The United States is a nation of immigrants, but new arrivals to the country are more likely to flock to some states than others. The majority of the nation’s 42 million foreign-born residents live in California, Texas, New York, Florida, and New Jersey. But as the immigrant population grows — 1.4 million new immigrants arrived in the U.S. in 2014, an 11% increase over 2013 — states, such as North Dakota, Wyoming, and West Virginia, also are seeing the number of foreign-born residents rise, often by double-digit percentages.
Not everyone is happy about the growing immigrant population. Although close to ¾ of adults Gallup surveyed in 2016 believe immigration is generally good for the country, 38% also believe fewer immigrants should be allowed into the U.S. Many are worried about the effect immigrants have on employment. Forty-five percent of people Pew Research surveyed said immigration hurts American workers, while 42% said it helps.
Fears of job-stealing immigrants might be misplaced. Immigrants don’t take jobs away from native-born workers or depress wages for most groups, a report from the National Academies of Sciences, Engineering, and Medicine found. Although immigration can be costly to local governments in the short-term, immigrants tend to pay back that investment, as their children grow up to contribute “more in taxes than either their parents or the rest of the native-born population,” according to the report.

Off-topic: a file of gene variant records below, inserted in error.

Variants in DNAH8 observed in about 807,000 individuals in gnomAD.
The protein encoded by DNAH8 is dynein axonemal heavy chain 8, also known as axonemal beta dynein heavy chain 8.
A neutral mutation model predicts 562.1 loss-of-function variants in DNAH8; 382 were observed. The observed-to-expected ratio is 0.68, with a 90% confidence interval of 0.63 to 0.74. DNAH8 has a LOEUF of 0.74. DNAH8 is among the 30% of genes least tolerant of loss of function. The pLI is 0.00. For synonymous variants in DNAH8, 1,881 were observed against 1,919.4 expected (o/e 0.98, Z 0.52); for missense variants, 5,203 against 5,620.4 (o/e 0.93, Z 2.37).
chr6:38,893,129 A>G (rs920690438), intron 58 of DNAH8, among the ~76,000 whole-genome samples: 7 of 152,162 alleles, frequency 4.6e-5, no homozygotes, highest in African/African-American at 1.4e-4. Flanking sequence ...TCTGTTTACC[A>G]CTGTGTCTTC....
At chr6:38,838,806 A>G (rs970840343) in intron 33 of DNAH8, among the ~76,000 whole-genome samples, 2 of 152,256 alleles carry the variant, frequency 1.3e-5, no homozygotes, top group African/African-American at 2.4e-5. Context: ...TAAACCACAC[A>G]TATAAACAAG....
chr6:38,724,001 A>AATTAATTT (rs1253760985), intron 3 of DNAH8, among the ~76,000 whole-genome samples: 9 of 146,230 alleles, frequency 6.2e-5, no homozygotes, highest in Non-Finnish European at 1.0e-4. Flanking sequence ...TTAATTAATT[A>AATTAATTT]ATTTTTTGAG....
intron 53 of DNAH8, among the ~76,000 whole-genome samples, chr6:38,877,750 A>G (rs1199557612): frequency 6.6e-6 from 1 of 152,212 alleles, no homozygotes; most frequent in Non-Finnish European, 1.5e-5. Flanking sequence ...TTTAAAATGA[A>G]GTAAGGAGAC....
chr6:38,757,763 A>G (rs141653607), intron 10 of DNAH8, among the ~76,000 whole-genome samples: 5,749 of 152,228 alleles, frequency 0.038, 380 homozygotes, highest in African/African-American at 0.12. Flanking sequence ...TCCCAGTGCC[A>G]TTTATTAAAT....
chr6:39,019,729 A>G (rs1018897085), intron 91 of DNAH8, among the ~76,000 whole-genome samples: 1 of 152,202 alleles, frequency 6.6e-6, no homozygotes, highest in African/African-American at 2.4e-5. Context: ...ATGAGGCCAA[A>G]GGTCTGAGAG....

Like it or not, immigrants are changing the face of the U.S. While the following 10 states have relatively few immigrants compared to New York or Texas, they’ve experienced the greatest percentage change in their immigrant population* between 2010 and 2015, according to the Migration Policy Institute. The No. 1 state saw their immigration population surge 72%.
*This includes naturalized citizens, lawful permanent residents, people in the country on work or student visas, refugees and asylees, and those in country without legal status.
Change in immigrant population since 2010: +14.7%
Current immigrant population: 332,000
Tennessee’s foreign-born population increased 14.7% from 2010 to 2015, going from 289,000 to 332,000. Immigrants now make up 5% of the state’s total population. That’s a significant increase from 1990, when the state’s 59,000 immigrants made up just 1.2% of the population.
Immigration is a divisive issue in Tennessee, as it is in many other parts of the country. Following the November 2015 terrorist attacks in Paris, the number of Tennesseans who said immigration should be the country’s top priority nearly doubled from 7% to 13%, according to Vanderbilt Poll-Tennessee. Those who identified with the tea party were much more likely to say dealing with immigration should be the number-one priority for the U.S.